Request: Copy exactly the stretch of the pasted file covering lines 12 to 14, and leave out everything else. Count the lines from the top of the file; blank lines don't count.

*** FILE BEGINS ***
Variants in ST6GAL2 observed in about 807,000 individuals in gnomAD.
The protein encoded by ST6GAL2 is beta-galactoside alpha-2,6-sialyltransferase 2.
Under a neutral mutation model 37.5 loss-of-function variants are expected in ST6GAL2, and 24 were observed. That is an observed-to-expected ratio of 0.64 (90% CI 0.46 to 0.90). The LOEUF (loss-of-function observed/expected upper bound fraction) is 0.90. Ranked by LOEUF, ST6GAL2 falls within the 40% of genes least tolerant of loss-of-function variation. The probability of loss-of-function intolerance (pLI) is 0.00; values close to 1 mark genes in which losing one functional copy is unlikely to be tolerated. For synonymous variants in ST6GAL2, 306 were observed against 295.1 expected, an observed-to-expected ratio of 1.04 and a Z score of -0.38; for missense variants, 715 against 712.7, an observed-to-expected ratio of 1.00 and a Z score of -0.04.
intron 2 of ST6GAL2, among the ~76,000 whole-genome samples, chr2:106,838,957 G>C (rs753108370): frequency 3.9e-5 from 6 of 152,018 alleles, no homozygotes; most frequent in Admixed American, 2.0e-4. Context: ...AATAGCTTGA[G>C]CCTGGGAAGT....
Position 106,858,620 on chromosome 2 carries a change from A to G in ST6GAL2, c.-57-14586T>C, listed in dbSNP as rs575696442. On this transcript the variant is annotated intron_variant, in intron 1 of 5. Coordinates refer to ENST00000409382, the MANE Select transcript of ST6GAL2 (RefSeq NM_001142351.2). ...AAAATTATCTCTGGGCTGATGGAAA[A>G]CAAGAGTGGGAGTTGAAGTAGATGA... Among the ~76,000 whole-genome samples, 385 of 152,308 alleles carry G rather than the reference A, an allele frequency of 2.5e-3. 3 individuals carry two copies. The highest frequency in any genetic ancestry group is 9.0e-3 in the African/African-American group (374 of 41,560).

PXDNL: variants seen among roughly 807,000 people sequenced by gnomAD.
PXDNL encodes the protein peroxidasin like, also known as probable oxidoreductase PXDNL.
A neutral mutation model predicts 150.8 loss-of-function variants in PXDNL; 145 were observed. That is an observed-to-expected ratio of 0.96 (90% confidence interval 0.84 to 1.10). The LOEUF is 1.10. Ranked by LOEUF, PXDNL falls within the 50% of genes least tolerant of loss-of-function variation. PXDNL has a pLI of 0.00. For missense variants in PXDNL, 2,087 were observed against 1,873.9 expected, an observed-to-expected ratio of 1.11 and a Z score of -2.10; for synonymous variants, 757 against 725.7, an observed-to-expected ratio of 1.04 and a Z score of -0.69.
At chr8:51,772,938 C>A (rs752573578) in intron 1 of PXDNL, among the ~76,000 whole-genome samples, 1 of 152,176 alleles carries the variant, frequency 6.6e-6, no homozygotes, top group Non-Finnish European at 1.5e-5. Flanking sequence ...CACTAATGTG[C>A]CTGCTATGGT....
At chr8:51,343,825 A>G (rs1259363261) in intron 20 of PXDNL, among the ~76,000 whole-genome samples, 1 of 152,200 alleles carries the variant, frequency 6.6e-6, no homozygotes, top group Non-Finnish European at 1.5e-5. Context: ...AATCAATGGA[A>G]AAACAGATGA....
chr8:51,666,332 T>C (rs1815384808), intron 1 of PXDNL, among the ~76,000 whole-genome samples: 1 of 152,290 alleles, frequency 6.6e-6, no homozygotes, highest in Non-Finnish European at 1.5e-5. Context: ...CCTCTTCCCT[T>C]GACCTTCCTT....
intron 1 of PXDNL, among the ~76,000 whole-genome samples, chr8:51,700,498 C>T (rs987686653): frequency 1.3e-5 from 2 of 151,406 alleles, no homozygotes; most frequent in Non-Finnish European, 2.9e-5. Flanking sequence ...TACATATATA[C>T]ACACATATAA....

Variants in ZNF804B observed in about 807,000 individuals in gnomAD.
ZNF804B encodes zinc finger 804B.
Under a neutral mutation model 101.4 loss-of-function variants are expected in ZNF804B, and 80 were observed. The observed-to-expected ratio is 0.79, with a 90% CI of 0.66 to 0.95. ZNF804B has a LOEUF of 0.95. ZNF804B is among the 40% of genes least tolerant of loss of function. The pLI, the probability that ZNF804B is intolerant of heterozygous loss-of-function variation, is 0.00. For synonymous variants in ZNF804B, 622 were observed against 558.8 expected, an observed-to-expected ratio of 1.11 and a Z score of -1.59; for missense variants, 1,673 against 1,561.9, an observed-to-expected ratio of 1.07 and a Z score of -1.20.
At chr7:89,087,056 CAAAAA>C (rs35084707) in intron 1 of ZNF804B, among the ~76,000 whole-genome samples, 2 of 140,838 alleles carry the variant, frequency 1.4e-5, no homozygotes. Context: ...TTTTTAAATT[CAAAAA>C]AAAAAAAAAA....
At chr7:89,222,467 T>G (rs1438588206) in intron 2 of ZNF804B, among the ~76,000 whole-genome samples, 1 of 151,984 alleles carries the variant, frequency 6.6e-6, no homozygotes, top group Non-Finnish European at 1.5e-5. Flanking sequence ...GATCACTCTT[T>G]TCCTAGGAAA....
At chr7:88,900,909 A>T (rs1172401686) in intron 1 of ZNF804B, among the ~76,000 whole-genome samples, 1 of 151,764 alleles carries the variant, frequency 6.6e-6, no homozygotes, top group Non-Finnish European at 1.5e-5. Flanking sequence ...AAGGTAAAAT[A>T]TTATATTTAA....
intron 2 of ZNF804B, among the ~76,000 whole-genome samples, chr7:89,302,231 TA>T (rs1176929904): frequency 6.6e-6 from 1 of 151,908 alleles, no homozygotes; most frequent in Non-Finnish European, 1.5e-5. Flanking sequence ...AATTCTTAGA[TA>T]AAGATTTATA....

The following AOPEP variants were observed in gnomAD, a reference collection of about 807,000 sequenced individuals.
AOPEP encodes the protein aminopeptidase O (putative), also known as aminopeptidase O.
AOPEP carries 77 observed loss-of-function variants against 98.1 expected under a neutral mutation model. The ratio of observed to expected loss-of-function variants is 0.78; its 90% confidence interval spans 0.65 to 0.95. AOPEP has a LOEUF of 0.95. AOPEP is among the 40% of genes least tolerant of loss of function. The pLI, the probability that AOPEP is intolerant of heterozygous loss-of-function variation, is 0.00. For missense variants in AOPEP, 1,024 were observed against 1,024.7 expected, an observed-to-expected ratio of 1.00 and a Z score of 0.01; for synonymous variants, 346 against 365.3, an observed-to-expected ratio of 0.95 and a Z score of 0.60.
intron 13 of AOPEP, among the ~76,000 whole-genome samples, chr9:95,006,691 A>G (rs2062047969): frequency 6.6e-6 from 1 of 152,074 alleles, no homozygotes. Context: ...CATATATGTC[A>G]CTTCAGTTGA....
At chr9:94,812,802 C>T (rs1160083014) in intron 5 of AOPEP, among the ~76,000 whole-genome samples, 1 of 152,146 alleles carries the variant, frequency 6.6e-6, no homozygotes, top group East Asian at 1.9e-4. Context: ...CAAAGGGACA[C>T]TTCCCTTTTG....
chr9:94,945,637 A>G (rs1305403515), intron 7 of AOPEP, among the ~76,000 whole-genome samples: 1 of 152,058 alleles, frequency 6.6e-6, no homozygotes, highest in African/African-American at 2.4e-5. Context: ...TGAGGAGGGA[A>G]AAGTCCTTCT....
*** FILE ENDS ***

intron 1 of PXDNL, among the ~76,000 whole-genome samples, chr8:51,700,498 C>T (rs987686653): frequency 1.3e-5 from 2 of 151,406 alleles, no homozygotes; most frequent in Non-Finnish European, 2.9e-5. Flanking sequence ...TACATATATA[C>T]ACACATATAA....

Variants in ZNF804B observed in about 807,000 individuals in gnomAD.
ZNF804B encodes zinc finger 804B.